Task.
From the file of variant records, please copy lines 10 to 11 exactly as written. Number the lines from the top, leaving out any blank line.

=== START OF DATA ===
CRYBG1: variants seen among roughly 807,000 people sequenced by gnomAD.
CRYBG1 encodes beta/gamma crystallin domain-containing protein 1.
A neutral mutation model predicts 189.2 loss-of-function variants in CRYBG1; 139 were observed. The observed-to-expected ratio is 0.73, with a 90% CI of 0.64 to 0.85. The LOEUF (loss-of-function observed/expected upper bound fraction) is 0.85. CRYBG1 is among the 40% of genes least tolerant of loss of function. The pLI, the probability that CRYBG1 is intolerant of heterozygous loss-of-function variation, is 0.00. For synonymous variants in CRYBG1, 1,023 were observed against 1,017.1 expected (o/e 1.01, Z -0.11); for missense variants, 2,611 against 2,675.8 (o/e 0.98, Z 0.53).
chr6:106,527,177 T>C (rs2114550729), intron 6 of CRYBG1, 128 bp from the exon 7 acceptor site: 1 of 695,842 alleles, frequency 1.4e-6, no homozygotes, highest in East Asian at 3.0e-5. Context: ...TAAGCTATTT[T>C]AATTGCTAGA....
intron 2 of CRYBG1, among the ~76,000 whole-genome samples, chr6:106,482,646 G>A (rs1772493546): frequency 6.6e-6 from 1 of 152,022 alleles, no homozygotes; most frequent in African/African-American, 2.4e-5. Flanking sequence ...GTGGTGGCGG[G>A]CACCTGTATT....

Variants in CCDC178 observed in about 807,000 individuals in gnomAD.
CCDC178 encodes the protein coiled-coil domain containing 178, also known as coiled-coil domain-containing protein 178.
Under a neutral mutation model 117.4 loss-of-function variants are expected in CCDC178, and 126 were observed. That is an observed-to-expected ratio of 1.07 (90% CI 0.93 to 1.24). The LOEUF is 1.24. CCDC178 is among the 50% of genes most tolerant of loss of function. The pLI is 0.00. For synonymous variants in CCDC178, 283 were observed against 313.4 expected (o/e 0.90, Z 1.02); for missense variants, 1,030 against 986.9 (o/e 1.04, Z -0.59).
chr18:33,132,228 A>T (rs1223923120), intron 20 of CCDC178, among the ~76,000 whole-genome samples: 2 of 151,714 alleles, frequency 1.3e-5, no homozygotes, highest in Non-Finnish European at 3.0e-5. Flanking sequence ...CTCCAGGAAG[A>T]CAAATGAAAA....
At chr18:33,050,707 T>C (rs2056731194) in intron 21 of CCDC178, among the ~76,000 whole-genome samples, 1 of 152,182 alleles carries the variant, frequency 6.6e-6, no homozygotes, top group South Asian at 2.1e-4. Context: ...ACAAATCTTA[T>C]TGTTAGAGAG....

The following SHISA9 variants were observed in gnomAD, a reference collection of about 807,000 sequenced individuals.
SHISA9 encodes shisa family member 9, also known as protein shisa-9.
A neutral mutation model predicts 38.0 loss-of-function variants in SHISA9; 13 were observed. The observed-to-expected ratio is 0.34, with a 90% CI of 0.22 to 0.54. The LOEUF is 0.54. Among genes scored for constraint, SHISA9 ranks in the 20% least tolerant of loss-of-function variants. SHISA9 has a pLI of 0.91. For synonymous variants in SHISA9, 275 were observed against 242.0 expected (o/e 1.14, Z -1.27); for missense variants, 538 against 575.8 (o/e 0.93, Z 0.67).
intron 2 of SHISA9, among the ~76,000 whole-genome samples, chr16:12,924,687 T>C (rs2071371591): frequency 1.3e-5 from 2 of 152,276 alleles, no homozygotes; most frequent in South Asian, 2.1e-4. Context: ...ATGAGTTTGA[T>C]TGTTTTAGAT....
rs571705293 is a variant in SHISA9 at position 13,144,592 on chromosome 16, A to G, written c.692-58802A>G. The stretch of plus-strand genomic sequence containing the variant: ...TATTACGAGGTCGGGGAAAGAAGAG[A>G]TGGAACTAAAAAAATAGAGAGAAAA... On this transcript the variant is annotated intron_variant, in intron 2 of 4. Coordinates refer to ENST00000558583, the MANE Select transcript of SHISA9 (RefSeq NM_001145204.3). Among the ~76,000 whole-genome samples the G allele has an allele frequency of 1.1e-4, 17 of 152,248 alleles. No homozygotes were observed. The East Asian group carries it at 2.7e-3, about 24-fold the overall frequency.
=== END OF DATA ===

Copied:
At chr18:33,050,707 T>C (rs2056731194) in intron 21 of CCDC178, among the ~76,000 whole-genome samples, 1 of 152,182 alleles carries the variant, frequency 6.6e-6, no homozygotes, top group South Asian at 2.1e-4. Context: ...ACAAATCTTA[T>C]TGTTAGAGAG....

The following SHISA9 variants were observed in gnomAD, a reference collection of about 807,000 sequenced individuals.